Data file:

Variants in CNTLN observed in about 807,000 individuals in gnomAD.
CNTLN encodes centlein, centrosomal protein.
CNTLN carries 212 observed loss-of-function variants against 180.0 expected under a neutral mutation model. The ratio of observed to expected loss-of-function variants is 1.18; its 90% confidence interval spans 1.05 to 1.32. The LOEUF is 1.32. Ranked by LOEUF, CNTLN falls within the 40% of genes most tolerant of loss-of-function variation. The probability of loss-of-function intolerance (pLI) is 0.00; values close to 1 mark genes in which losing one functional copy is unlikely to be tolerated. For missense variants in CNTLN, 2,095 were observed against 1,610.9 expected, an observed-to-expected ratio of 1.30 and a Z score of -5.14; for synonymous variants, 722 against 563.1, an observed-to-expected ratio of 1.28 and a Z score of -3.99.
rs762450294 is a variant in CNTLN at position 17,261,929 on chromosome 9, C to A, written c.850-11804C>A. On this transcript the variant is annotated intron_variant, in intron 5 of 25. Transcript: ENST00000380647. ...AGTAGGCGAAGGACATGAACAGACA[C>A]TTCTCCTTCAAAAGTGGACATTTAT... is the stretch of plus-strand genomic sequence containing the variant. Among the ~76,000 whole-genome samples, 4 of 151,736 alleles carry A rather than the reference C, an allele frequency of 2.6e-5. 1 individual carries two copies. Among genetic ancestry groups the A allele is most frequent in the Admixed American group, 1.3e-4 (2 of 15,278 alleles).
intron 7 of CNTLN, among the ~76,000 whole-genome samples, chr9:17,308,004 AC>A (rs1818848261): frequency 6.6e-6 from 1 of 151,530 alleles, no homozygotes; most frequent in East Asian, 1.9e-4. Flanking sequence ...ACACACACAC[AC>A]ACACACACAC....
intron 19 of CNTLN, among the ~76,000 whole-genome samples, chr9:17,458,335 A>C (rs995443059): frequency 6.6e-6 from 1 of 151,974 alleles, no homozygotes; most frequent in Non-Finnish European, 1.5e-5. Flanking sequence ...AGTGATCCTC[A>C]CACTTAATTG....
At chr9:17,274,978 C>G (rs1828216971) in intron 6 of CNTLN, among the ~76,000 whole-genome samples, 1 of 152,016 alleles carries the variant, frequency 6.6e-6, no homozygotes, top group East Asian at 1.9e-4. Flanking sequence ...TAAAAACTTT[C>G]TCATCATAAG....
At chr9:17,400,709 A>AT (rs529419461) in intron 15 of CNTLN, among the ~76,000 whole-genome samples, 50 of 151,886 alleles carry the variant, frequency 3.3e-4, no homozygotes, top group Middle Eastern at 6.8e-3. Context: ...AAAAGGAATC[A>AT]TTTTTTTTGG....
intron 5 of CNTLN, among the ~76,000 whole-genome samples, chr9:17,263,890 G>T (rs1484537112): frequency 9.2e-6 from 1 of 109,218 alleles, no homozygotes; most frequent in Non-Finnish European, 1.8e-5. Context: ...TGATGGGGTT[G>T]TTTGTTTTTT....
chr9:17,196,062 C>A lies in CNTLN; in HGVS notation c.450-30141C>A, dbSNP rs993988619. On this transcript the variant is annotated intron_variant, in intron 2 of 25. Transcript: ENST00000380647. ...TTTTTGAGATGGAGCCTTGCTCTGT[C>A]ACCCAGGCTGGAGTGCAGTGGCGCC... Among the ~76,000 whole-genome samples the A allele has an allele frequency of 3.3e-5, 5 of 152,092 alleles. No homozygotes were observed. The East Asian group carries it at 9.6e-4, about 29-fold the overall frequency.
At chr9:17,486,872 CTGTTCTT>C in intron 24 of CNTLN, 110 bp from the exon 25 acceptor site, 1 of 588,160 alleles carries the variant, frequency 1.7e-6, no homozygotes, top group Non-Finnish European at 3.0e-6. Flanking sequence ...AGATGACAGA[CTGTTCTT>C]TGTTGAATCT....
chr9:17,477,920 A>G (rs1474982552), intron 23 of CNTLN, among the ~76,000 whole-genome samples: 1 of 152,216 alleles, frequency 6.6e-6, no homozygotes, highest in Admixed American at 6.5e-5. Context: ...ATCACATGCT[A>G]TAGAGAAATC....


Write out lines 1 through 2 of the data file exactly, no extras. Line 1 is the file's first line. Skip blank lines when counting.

Variants in CNTLN observed in about 807,000 individuals in gnomAD.
CNTLN encodes centlein, centrosomal protein.